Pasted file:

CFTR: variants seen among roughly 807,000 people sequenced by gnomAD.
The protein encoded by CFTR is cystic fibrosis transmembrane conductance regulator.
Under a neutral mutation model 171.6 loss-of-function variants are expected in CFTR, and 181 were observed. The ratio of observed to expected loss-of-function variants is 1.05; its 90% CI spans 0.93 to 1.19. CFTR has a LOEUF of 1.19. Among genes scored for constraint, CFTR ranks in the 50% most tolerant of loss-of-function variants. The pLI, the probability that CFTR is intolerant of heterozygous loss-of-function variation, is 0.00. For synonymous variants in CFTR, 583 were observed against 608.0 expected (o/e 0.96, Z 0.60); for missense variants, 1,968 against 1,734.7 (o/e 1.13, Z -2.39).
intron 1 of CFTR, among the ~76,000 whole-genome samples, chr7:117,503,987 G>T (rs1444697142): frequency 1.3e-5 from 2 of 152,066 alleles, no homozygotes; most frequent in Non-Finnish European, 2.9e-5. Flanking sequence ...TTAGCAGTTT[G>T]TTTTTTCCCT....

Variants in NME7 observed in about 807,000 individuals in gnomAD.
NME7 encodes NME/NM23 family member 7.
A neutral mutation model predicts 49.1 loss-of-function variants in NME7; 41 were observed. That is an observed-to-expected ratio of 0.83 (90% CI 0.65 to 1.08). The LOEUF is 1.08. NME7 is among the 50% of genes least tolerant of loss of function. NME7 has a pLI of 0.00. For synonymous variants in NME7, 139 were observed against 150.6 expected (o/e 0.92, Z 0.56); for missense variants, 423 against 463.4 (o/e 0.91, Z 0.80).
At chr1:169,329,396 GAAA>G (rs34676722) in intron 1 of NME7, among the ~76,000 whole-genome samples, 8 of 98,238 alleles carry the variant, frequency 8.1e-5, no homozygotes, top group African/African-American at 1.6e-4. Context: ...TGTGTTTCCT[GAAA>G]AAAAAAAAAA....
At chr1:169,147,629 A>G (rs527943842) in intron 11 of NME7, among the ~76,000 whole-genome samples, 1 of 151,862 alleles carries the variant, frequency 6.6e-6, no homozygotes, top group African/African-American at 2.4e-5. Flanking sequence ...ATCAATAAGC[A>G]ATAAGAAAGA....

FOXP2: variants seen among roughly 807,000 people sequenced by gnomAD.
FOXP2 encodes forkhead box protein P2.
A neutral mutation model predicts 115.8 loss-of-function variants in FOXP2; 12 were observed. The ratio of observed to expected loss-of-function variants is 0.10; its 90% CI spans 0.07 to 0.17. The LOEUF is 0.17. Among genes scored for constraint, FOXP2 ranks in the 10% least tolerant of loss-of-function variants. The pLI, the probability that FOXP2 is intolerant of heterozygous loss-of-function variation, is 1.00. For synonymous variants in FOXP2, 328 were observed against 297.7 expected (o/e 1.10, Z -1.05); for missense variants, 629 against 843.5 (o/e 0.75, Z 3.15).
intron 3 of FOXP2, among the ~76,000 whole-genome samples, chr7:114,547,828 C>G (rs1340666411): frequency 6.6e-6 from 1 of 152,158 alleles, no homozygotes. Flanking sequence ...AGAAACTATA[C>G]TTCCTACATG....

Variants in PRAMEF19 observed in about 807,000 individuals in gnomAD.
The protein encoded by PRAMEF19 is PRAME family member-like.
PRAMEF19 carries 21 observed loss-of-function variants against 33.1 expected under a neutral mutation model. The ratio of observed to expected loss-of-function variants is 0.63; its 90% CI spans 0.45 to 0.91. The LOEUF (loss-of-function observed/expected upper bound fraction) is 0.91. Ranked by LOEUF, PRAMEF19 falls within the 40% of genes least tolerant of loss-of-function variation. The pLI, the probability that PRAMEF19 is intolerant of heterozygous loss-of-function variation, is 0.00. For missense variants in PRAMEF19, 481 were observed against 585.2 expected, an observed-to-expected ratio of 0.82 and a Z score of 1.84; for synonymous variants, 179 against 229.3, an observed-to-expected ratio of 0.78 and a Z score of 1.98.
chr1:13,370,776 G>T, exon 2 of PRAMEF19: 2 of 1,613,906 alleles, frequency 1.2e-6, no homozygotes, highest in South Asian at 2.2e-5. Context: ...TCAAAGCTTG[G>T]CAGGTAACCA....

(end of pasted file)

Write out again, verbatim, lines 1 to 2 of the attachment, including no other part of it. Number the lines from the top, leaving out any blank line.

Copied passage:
CFTR: variants seen among roughly 807,000 people sequenced by gnomAD.
The protein encoded by CFTR is cystic fibrosis transmembrane conductance regulator.